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  • Child and/or Soldier?From Resistance Movements to Human Rights Regiments
  • Barbara Harlow (bio)

According to most estimates from the United Nations to children's rights organizations, at least 300,000 children, perhaps as many as half a million, have been actively fighting or otherwise abetting the myriad armed conflicts around the world at the beginning of the second millennium (or twenty-first century, to sound the alarm less apocalyptically), from Myanmar/ Burma to Afghanistan, Pakistan, Sri Lanka, Palestine, Iraq, Uganda, Sierra Leone—and on and on. According to Vanessa Pupuvac, their multifaceted but structurally conjoined stories have occasioned a "universal concern for children" that is, Pupuvac claims, "viewed as transcending political and social divides and able to mobilise societies to confront social problems and their right to self determination" (2001, 95). That same humanitarian concern has also generated an academic bibliography, a literary genre even, of "child soldier narratives," that are acquiring, if not canonical status, at least consumer and curricular interest. Take, just as examples, Ahmadou Kourouma, Allah Is Not Obliged (2000, Liberia); China Keitetsi, Child Soldier: Fighting for [End Page 195] My Life (2002, Uganda); Emmanuel Dongala, Johnny Mad Dog (2002, West Africa); Senait Mehari, Heart of Fire: From Child Soldier to Soul Singer (2004, Ethiopia/Eritrea); Uzodinma Iweala, Beasts of No Nation (2005, Nigeria); Delia Jarrett-Macauley, Moses, Citizen and Me (2005, Sierra Leone); Dave Eggers, What Is the What: The Autobiography of Valentino Achak Deng (2006, Sudan/ United States); Chris Abani, Song for Night (2007, West Africa); and Joshua Dysart, Unknown Soldier (2009, Uganda).

Although the outrageously popular and even literary currency of these accumulating narratives might well, as Alexandra Schultheis has noted, derive from the fact that the "terms defining the relationship between humanitarian and 'victim' depend on global structural inequalities, masked by a discourse of universalized childhood" (2008, 35), their very purveyance also traces a well-nigh paradigmatic historical trajectory of the "once upon a time" genre: once there were children, then they became soldiers, now, please, if you will, just bring back the children. But where will they go, these disarmed and conflict-scarred youth? Who would want the "memoirs of a boy soldier" on a syllabus? Or a former "boy soldier" in the neighborhood? As Vera Achvarina and Simon Reich have advised, the "increasing use of child soldiers poses a long-term threat to the health and security of societies far beyond the borders of the war-torn fragile states in which these civil and ethnic conflicts take place" (2006, 130). Ninety miles from the continental United States, one of those child soldiers sits in prison in Guantánamo Bay.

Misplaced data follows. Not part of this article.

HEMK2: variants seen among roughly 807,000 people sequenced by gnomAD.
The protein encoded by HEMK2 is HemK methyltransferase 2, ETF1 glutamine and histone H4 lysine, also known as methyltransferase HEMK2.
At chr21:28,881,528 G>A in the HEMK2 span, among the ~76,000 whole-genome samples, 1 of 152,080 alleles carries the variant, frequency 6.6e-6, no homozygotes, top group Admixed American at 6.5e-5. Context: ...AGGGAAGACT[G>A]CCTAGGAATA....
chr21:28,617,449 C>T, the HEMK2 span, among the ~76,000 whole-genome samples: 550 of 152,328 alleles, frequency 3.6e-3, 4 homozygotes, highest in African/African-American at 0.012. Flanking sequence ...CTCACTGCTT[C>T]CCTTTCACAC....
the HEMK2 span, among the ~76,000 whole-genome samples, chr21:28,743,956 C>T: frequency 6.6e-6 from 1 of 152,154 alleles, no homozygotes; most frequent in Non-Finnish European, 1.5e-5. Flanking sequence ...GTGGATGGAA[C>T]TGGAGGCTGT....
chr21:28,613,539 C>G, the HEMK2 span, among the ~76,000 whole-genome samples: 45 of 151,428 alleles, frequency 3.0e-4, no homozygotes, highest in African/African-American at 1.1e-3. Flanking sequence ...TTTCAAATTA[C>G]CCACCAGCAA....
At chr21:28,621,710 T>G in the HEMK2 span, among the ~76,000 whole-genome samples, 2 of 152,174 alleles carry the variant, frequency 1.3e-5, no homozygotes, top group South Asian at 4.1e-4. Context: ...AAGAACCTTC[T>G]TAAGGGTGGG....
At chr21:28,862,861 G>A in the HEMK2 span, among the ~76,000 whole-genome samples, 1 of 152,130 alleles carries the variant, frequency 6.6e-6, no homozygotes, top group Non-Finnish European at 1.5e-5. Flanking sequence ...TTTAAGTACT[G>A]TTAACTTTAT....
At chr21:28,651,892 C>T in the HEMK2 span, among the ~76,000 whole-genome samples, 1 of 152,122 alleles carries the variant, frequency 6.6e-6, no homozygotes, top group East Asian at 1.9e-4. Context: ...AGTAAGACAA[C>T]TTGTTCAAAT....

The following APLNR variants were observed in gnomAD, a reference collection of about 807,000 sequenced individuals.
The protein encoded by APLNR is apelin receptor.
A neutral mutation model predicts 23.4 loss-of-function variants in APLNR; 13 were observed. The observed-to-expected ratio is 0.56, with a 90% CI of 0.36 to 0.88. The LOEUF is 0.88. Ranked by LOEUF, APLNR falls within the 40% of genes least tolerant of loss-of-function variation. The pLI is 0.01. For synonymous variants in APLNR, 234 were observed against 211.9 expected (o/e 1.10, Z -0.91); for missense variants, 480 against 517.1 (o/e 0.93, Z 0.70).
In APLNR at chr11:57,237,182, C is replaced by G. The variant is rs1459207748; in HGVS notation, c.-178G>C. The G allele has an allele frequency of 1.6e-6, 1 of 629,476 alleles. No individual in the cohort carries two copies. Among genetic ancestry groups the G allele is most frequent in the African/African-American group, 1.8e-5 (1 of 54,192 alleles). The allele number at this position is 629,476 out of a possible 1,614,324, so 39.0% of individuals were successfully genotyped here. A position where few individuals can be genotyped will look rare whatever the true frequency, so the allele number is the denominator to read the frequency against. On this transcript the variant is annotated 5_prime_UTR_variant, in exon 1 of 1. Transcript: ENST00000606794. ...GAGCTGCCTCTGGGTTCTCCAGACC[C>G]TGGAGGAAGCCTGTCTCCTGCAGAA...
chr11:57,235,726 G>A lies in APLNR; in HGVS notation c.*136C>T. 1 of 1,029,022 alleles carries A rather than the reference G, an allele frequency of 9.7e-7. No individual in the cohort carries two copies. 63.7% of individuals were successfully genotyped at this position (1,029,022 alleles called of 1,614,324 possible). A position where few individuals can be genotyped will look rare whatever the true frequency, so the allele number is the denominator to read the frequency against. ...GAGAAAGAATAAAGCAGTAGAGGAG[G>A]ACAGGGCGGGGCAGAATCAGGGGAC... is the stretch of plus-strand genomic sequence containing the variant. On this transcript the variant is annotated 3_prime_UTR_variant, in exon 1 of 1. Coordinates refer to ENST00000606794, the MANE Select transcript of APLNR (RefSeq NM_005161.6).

Just over a week before his inauguration on January 20, 2009, five prominent human rights organizations wrote to then president-elect Barack Obama regarding the immanent military trial of Guantánamo detainee Omar Khadr. "Dear President-elect Obama," wrote the American Civil Liberties Union, Amnesty International, the Coalition to Stop the Use of Child Soldiers, Human Rights First, and Human Rights Watch,

We write to you regarding Omar Khadr, the 22-year-old Canadian national slated to be tried by military commission at Guantánamo for crimes allegedly [End Page 196] committed when he was aged 15. If the trial, now scheduled for January 26, 2009, is allowed to go forward, Omar Khadr, as noted by the letterwriter and the detainee's advocates, will become the first person in recent years to be tried by any western nation for war crimes committed as a child.

Newly inaugurated President Obama did indeed, on his first full day in office, suspend Khadr's military trial—along with the pending hearings of twenty other Guantánamo detainees—for 120 days, in order, or so it was said by administration spokespeople, to "review the process."

Omar, gently dubbed "Guantanamo's child" by Canadian journalist Michelle Shephard (2008), was captured by U.S. forces in Afghanistan on July 27, 2002—the sole, if seriously injured, survivor from inside a house of alleged al-Qaeda militants following a firefight that left one U.S. soldier dead as well. Whether Omar Khadr was responsible for the death of Sergeant First Class Christopher Speer, an allegation that remains still...


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